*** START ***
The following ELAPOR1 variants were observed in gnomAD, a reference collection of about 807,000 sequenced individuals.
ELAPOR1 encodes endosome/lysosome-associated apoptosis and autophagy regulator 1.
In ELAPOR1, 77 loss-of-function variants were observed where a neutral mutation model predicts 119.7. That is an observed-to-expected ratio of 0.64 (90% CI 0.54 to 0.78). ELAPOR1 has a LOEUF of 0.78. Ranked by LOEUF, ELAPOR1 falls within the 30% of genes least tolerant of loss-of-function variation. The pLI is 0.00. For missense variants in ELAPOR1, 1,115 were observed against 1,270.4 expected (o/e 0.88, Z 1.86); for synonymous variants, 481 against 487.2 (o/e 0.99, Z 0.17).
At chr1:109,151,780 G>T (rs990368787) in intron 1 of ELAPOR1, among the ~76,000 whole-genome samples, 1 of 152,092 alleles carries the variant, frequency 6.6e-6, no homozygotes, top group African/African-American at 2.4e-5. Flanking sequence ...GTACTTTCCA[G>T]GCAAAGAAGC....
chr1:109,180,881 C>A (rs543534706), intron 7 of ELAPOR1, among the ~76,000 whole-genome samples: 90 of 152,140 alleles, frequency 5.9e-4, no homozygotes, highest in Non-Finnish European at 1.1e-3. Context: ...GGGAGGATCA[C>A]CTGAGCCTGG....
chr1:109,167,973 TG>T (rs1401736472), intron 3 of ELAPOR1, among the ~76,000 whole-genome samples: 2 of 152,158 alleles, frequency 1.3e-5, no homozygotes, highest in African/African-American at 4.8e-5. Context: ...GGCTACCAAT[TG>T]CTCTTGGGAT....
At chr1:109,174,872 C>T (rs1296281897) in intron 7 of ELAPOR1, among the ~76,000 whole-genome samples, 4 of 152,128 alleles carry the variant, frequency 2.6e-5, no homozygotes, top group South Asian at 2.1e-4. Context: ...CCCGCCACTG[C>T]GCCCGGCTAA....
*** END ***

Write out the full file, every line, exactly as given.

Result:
The following ELAPOR1 variants were observed in gnomAD, a reference collection of about 807,000 sequenced individuals.
ELAPOR1 encodes endosome/lysosome-associated apoptosis and autophagy regulator 1.
In ELAPOR1, 77 loss-of-function variants were observed where a neutral mutation model predicts 119.7. That is an observed-to-expected ratio of 0.64 (90% CI 0.54 to 0.78). ELAPOR1 has a LOEUF of 0.78. Ranked by LOEUF, ELAPOR1 falls within the 30% of genes least tolerant of loss-of-function variation. The pLI is 0.00. For missense variants in ELAPOR1, 1,115 were observed against 1,270.4 expected (o/e 0.88, Z 1.86); for synonymous variants, 481 against 487.2 (o/e 0.99, Z 0.17).
At chr1:109,151,780 G>T (rs990368787) in intron 1 of ELAPOR1, among the ~76,000 whole-genome samples, 1 of 152,092 alleles carries the variant, frequency 6.6e-6, no homozygotes, top group African/African-American at 2.4e-5. Flanking sequence ...GTACTTTCCA[G>T]GCAAAGAAGC....
chr1:109,180,881 C>A (rs543534706), intron 7 of ELAPOR1, among the ~76,000 whole-genome samples: 90 of 152,140 alleles, frequency 5.9e-4, no homozygotes, highest in Non-Finnish European at 1.1e-3. Context: ...GGGAGGATCA[C>A]CTGAGCCTGG....
chr1:109,167,973 TG>T (rs1401736472), intron 3 of ELAPOR1, among the ~76,000 whole-genome samples: 2 of 152,158 alleles, frequency 1.3e-5, no homozygotes, highest in African/African-American at 4.8e-5. Context: ...GGCTACCAAT[TG>T]CTCTTGGGAT....
At chr1:109,174,872 C>T (rs1296281897) in intron 7 of ELAPOR1, among the ~76,000 whole-genome samples, 4 of 152,128 alleles carry the variant, frequency 2.6e-5, no homozygotes, top group South Asian at 2.1e-4. Context: ...CCCGCCACTG[C>T]GCCCGGCTAA....